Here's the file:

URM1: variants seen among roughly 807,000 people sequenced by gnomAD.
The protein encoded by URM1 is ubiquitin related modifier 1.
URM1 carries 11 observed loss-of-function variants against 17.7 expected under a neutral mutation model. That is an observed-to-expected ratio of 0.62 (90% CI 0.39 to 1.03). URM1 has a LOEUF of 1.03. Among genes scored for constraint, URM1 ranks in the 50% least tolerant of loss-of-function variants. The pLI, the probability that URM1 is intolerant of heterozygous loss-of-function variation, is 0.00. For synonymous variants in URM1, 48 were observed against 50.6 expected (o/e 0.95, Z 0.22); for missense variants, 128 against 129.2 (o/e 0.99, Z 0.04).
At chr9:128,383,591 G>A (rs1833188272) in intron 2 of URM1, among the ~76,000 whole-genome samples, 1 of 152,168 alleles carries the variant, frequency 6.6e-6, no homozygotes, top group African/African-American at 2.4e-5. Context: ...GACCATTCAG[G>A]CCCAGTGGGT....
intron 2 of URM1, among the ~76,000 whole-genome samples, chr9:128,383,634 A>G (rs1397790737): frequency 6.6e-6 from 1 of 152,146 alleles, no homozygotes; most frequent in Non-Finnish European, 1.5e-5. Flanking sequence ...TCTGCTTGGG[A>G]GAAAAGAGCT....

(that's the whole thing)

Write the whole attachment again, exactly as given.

URM1: variants seen among roughly 807,000 people sequenced by gnomAD.
The protein encoded by URM1 is ubiquitin related modifier 1.
URM1 carries 11 observed loss-of-function variants against 17.7 expected under a neutral mutation model. That is an observed-to-expected ratio of 0.62 (90% CI 0.39 to 1.03). URM1 has a LOEUF of 1.03. Among genes scored for constraint, URM1 ranks in the 50% least tolerant of loss-of-function variants. The pLI, the probability that URM1 is intolerant of heterozygous loss-of-function variation, is 0.00. For synonymous variants in URM1, 48 were observed against 50.6 expected (o/e 0.95, Z 0.22); for missense variants, 128 against 129.2 (o/e 0.99, Z 0.04).
At chr9:128,383,591 G>A (rs1833188272) in intron 2 of URM1, among the ~76,000 whole-genome samples, 1 of 152,168 alleles carries the variant, frequency 6.6e-6, no homozygotes, top group African/African-American at 2.4e-5. Context: ...GACCATTCAG[G>A]CCCAGTGGGT....
intron 2 of URM1, among the ~76,000 whole-genome samples, chr9:128,383,634 A>G (rs1397790737): frequency 6.6e-6 from 1 of 152,146 alleles, no homozygotes; most frequent in Non-Finnish European, 1.5e-5. Flanking sequence ...TCTGCTTGGG[A>G]GAAAAGAGCT....